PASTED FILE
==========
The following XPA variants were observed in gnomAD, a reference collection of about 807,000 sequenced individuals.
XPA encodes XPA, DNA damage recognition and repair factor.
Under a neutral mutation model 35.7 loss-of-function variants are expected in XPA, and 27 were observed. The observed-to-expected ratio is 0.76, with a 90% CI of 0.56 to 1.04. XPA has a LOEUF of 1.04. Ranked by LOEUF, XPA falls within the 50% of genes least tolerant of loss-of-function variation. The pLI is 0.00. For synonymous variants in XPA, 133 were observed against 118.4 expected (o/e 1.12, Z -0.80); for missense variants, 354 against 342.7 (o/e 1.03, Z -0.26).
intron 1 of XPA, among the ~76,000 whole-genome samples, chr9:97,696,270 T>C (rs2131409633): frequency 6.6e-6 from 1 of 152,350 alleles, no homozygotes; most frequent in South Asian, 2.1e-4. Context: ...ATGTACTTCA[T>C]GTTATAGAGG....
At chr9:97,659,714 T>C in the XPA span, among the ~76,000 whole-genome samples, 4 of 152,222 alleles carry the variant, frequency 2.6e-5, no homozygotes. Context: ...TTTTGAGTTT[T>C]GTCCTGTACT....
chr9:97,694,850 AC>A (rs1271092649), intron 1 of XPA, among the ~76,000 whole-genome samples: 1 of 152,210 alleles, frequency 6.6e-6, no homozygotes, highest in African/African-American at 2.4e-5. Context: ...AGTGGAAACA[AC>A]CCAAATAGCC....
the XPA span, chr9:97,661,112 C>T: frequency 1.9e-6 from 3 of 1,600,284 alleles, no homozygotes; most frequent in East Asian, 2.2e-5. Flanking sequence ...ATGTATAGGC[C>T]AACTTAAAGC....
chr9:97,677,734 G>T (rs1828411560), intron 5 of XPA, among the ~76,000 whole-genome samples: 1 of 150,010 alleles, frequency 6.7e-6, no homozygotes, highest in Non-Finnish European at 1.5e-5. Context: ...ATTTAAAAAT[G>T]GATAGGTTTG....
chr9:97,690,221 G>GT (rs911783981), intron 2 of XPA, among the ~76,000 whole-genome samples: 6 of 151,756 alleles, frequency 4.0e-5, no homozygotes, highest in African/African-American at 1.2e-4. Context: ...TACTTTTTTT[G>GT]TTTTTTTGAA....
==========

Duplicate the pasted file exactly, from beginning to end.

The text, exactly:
The following XPA variants were observed in gnomAD, a reference collection of about 807,000 sequenced individuals.
XPA encodes XPA, DNA damage recognition and repair factor.
Under a neutral mutation model 35.7 loss-of-function variants are expected in XPA, and 27 were observed. The observed-to-expected ratio is 0.76, with a 90% CI of 0.56 to 1.04. XPA has a LOEUF of 1.04. Ranked by LOEUF, XPA falls within the 50% of genes least tolerant of loss-of-function variation. The pLI is 0.00. For synonymous variants in XPA, 133 were observed against 118.4 expected (o/e 1.12, Z -0.80); for missense variants, 354 against 342.7 (o/e 1.03, Z -0.26).
intron 1 of XPA, among the ~76,000 whole-genome samples, chr9:97,696,270 T>C (rs2131409633): frequency 6.6e-6 from 1 of 152,350 alleles, no homozygotes; most frequent in South Asian, 2.1e-4. Context: ...ATGTACTTCA[T>C]GTTATAGAGG....
At chr9:97,659,714 T>C in the XPA span, among the ~76,000 whole-genome samples, 4 of 152,222 alleles carry the variant, frequency 2.6e-5, no homozygotes. Context: ...TTTTGAGTTT[T>C]GTCCTGTACT....
chr9:97,694,850 AC>A (rs1271092649), intron 1 of XPA, among the ~76,000 whole-genome samples: 1 of 152,210 alleles, frequency 6.6e-6, no homozygotes, highest in African/African-American at 2.4e-5. Context: ...AGTGGAAACA[AC>A]CCAAATAGCC....
the XPA span, chr9:97,661,112 C>T: frequency 1.9e-6 from 3 of 1,600,284 alleles, no homozygotes; most frequent in East Asian, 2.2e-5. Flanking sequence ...ATGTATAGGC[C>T]AACTTAAAGC....
chr9:97,677,734 G>T (rs1828411560), intron 5 of XPA, among the ~76,000 whole-genome samples: 1 of 150,010 alleles, frequency 6.7e-6, no homozygotes, highest in Non-Finnish European at 1.5e-5. Context: ...ATTTAAAAAT[G>T]GATAGGTTTG....
chr9:97,690,221 G>GT (rs911783981), intron 2 of XPA, among the ~76,000 whole-genome samples: 6 of 151,756 alleles, frequency 4.0e-5, no homozygotes, highest in African/African-American at 1.2e-4. Context: ...TACTTTTTTT[G>GT]TTTTTTTGAA....